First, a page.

7th Street (2002) Review

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Where have all the homeless gone?

7th Street (2002): 5 out of 10: Nostalgia about one’s childhood is a dangerous thing. It permeates 7th street where Josh Pais is too close to the subject as he bemoans the loss of the crime-ridden hellhole of his youth and worries about the gentrification of said block. (There are outdoor cafes now and people are drinking lattes oh the horror the horror.) 

That said, it is a fascinating documentary with a great group of people (especially Rino Thunder who was his mother’s occasional boyfriend.) In fact, this is quite the high production home movie with many interviews with the family who often counteract Mr. Pais’s thesis about the neighborhood change and when Mr. Thunder falls on hard times, the change is so dramatic there are more forces at work than the neighborhood cleaning itself up.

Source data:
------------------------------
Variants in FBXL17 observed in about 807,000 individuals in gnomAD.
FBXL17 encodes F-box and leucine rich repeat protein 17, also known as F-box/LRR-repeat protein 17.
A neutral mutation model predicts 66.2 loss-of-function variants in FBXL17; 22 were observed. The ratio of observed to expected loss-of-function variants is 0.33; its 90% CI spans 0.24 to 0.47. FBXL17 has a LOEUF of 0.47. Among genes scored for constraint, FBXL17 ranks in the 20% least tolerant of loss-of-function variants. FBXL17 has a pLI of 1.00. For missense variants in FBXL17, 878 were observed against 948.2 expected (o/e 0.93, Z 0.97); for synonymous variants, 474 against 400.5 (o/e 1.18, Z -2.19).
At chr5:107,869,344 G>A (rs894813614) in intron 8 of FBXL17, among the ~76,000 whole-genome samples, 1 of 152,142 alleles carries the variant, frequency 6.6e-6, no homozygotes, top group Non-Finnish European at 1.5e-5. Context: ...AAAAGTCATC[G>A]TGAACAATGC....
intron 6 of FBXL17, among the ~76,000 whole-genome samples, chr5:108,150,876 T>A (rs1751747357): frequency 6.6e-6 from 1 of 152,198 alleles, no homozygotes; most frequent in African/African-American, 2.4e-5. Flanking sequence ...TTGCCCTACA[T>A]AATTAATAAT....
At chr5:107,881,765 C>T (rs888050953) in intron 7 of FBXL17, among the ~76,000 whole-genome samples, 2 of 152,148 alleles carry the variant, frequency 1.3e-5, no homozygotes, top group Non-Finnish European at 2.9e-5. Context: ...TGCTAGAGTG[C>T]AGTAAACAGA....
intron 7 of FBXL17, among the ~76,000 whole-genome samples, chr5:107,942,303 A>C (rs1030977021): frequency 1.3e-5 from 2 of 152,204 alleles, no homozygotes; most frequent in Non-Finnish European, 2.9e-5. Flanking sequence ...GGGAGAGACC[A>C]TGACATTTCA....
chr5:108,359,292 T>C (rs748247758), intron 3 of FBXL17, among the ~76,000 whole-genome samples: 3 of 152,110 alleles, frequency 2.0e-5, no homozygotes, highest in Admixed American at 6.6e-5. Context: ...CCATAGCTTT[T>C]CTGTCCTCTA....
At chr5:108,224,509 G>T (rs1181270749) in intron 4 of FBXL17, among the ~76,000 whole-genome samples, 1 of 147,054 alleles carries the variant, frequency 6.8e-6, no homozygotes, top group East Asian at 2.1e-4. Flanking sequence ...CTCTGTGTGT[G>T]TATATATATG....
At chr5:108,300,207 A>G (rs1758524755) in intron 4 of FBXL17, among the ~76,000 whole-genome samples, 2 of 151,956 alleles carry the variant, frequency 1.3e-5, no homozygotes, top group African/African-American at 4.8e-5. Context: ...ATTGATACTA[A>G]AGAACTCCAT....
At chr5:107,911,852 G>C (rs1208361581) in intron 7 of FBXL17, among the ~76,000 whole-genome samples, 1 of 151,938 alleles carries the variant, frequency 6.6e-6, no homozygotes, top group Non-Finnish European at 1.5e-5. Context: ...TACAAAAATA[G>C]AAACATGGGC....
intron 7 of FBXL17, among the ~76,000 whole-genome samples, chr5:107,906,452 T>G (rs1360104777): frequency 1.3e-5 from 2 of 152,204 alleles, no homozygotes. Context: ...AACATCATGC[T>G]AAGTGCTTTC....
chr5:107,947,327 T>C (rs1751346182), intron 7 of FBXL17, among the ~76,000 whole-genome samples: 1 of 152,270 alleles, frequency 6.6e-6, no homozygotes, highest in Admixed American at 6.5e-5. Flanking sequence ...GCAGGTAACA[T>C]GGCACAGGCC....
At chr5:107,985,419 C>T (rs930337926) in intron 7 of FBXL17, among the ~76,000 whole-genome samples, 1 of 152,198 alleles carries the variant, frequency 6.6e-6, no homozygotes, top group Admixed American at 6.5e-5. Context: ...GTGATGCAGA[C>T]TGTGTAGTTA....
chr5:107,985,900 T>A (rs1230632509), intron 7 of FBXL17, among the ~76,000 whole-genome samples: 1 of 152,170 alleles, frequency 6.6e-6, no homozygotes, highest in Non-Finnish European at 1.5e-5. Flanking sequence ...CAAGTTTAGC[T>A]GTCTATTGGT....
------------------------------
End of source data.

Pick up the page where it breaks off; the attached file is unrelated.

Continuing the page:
Cat on roof East 7th Street, Alphabet City, NY 1989

I wish we had spent even more time with Mr. Thunder after the change and less on Mr. Pais’s childhood (especially the endless footage of his late mother and how she was at the center of an art revolution. She comes across as a kind of, how does one put this nicely, party girl.)Mr. Pais’s brother in a hilarious and all too short clip reminisces on his reaction to finding Marcel Marceau in his living room one morning. He doesn’t hold the neighborhood (or mimes) to his heart and seemed glad to escape.

There is a staged and telling scene at the end where an adult Mr. Pais and his friend play in a fire hydrant while yuppies look on disapprovingly, his point is lost in the fact he looks silly. There are some things from childhood we just let go.

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